“One, how many times have you taken it?  Because you want to make sure you’re not taking it more than three times, as a rough estimate.  So what’s your highest score?  Do you have a good reason to think you’ll do better?  Not just sort of optimism, but an actual informed reason.  What’s the rest of your application like?  And then finally, what’s at stake?  If you are… if your current score is very far from your dream school’s 25th percentile, that suggests you probably won’t be able to get in – and then maybe you should retake, because you don’t have much to lose.  But you know, if it’s closer than that, then I think you should give it a whirl and see what happens.  And you know, see what the outcomes are for the admissions season and only then think about retaking if at the end of it you’re not happy with your outcomes.”

Of those five, Michigan’s Dean Zearfoss says the question ‘what’s the rest of your application like?’ is at the top of the list.

“People think that the LSAT is the be-all and end-all of the application process, but that’s a vast oversimplification.  If you have a great undergraduate record, if you have some interesting and strong work experience, if you have wonderful writing, if you have strong letters of [recommendation] – any of those things will be very important facets of your application.  The LSAT will carry less weight the more you have any of these other categories, relatively speaking.  And that’s an important thing to think about, and you can… and much of that is under your control, particularly the writing and the work experience and the letters of rec.  These are elements that you, as the applicant, have a lot of control over.  And you might be better situated putting effort into making sure those are as strong as possible.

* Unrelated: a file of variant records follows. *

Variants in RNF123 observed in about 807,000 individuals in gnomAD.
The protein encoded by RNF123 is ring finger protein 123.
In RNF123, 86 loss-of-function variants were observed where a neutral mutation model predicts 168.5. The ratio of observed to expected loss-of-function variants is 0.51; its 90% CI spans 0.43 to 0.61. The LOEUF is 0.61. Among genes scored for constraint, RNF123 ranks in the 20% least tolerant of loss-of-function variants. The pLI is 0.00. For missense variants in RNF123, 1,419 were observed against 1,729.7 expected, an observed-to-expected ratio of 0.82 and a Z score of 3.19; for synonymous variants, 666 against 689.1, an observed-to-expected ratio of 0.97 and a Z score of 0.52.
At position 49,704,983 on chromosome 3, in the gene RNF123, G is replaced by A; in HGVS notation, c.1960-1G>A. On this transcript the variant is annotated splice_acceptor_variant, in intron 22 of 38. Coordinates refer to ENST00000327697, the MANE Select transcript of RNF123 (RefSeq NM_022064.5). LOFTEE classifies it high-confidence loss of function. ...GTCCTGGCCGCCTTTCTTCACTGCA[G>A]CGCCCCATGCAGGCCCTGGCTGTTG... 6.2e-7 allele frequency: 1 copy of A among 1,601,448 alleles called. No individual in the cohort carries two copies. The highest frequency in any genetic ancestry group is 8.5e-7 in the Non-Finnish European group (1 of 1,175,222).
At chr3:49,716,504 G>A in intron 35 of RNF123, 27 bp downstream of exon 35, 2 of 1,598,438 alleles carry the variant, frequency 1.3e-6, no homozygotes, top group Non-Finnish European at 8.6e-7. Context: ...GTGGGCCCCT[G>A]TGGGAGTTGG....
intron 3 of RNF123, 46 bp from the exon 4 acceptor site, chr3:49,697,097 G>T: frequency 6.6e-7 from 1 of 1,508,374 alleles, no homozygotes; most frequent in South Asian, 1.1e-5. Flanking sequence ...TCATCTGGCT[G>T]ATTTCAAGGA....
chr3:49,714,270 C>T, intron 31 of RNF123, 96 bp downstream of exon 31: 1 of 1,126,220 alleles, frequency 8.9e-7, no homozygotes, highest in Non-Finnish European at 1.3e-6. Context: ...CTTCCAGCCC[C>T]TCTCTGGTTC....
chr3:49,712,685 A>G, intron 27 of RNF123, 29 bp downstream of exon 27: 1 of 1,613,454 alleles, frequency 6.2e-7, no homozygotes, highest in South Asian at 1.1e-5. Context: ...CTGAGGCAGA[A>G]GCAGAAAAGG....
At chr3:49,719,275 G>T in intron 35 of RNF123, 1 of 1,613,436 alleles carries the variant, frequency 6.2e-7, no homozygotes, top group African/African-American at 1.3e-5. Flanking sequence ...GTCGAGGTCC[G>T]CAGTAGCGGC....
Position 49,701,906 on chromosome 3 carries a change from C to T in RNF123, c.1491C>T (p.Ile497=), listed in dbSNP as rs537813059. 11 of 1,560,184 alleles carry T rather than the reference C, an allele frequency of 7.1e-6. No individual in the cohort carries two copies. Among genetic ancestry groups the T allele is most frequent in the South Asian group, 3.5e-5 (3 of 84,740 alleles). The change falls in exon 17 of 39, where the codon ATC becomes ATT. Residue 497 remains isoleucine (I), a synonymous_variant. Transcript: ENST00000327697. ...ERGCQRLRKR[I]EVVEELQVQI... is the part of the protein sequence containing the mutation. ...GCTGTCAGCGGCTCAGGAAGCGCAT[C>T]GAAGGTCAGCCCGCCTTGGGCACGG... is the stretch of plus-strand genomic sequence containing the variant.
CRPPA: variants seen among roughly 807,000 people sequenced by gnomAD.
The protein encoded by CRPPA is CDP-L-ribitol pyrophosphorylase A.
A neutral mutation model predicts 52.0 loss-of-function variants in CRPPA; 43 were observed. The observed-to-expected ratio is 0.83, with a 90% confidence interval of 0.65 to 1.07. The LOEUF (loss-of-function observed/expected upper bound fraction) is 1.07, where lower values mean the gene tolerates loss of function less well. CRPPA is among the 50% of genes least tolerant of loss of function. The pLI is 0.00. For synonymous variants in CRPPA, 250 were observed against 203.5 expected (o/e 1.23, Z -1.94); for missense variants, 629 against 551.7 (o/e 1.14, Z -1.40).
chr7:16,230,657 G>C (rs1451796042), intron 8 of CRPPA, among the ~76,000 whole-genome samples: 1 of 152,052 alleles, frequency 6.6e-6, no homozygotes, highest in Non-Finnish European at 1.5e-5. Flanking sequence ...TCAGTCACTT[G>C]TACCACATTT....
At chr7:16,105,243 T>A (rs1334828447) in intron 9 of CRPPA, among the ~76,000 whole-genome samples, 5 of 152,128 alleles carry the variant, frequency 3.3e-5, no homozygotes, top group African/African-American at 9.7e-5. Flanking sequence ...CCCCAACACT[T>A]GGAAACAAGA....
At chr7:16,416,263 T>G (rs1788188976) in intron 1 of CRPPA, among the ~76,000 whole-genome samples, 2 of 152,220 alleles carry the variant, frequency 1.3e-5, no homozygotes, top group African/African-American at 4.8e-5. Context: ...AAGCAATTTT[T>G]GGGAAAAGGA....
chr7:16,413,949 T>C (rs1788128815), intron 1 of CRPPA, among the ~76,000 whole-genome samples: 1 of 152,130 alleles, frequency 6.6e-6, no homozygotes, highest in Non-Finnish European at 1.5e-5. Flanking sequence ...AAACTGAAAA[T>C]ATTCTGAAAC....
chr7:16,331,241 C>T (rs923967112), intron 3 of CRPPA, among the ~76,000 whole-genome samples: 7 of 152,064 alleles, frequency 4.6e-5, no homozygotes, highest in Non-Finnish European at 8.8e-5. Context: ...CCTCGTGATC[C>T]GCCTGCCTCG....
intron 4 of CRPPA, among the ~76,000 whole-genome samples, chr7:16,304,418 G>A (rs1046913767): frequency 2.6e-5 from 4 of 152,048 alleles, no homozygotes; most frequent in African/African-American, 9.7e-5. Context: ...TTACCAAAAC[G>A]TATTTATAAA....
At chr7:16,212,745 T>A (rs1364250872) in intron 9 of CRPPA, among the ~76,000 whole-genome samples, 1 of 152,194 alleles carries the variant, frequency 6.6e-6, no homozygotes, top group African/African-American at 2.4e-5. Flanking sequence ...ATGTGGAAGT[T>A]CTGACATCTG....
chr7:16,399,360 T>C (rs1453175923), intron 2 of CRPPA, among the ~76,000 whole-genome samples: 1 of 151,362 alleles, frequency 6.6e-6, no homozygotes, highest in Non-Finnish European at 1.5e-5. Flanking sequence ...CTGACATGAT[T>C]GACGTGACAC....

“On the other hand, if you have a really strong reason for thinking that you could do better, because you were sick, because there was a marching band outside, you know, because you got lost on your way to the test and you were very agitated by the time you got there – then yeah, maybe you want to retake.

“Often, people say to me they want to retake because their scores on the practice tests were much higher.  And that’s a relevant consideration.  Certainly, if your practice tests were the same, you should view that as a sign that you’re not going to do better on a retake.  But often people are more generous with themselves timing-wise on a practice test than in the real setting.  So you have to be assessing that carefully, too – is your practice test really reflective of test conditions?  Because that alone may not be a good reason for retaking.”

Something else to keep in mind, as Michigan’s Dean Zearfoss notes, your LSAT score is a pertinent factor when it comes to scholarships, as well: